How to Enhance Your Law Office Systems for Greater Efficiency

As I’ve said elsewhere on this site: It is critical that all law firms have a system in place for everything it does; basically, it needs a user’s manual. This manual can build equity in your business and allow you to go on vacation. It can also ensure that the practice consistently does quality work.

But it is not enough just to create systems. To take it to the next level, you need a system for creating systems! They need to evolve, change, and improve to keep you moving forward. This means creating a process or network of self-improving systems (for yourself and/or others) and then consistently following them.

But before you can even do that, you need to get some clarity about your strengths and weaknesses (or your firm’s). From there you should hire, train, and onboard others that will enhance those strengths and eliminate those weaknesses by working within your systems (and improving them). This can transform your practice!

But how do you do this? Here are some helpful steps.

Map Out the System

Start out by documenting all current processes in a visual format (similar to a mindmap) to identify inefficiencies and opportunities for automation, standardization, and easy implementation. In effect, this is your initial pass/draft of the system based on your knowledge and experience over the years of doing these things.

Be as detailed as possible, laying out every little step in the process. Some of them may be very obvious to you (and thus you may think it not worthy of inclusion), but it may not be to a new hire. By doing this, you are also helping with onboarding and training.

Involve Your Staff

Once you have done this, have members of your staff review it, even if they aren’t directly involved in that particular process. The jobs of your staff members are interconnected in many ways, and how a particular system dictates how one person does things could impact others.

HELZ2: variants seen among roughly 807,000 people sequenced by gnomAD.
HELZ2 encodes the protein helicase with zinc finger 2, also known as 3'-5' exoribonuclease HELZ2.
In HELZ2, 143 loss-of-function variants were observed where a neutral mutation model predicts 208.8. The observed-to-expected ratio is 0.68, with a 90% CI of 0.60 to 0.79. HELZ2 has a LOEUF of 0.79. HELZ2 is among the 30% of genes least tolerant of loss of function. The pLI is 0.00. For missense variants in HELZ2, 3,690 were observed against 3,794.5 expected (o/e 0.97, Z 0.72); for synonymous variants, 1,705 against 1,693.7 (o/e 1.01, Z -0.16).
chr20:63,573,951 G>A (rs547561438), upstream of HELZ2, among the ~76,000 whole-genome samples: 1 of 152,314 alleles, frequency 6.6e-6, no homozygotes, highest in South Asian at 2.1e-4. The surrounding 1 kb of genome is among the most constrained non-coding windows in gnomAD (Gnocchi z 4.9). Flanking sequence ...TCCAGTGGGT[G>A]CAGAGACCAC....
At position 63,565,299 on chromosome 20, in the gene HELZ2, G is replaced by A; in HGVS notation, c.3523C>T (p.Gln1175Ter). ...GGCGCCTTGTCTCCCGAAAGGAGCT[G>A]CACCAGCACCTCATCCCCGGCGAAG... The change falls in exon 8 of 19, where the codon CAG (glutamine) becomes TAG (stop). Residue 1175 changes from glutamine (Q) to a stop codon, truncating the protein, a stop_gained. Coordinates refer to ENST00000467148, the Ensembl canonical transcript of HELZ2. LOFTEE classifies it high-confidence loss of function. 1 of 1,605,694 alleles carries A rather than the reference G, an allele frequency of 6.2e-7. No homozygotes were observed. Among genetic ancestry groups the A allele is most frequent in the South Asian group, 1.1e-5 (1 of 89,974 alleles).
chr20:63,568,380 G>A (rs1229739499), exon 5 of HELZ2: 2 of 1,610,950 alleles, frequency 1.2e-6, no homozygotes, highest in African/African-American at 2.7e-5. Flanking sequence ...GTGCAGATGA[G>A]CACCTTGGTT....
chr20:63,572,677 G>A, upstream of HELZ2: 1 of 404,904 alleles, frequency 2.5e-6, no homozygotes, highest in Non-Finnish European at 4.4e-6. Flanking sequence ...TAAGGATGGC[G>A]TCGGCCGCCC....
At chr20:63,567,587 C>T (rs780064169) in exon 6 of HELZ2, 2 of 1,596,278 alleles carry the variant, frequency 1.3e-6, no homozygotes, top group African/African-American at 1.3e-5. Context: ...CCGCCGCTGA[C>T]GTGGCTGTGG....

You should empower employees to suggest and implement improvements to the systems they work with. They may have a different perspective that could suggest great improvements that may not have occurred to you. This can also foster a sense of ownership and commitment to the processes.

This should also include reward and recognition programs to incentivize and reward employees for adhering to processes and for making suggestions that lead to improvements.

Utilize Technology

Don’t underestimate the power of technology in the implementation of your systems. It can be used to automate repetitive tasks within your processes and bring greater efficiencies, allowing you to do more work in less time. In addition, it also reduces the potential for human error.

Don’t Set and Forget Systems

Once your system is in place, you job isn’t finished. You should have regular process reviews (e.g. every 6 months) to ensure that they remain efficient and effective. If something in the system (or the entire system itself) isn’t working the way it should (or at all), you want to know as soon as possible, so that you can make adjustments.

You should encourage feedback from staff members who use the processes regularly. You might not notice a problem or opportunity for improvement, but they might. This allows for continual optimization. In addition, new technologies or methods may evolve that could make your system even better!

Use Systems to Evaluate Performance

With systems come standards, which can be used as a measuring stick for employee performance. Implement systems that track performance metrics aligned with your systems, then use this data to reinforce discipline and continuous improvement.

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Need Help?

Need help designing and implementing systems in your law practice? Then click on this link to schedule a call with me. We can discuss your needs and then set up an initial meeting to outline how I can help.

Author

Steve Richardson

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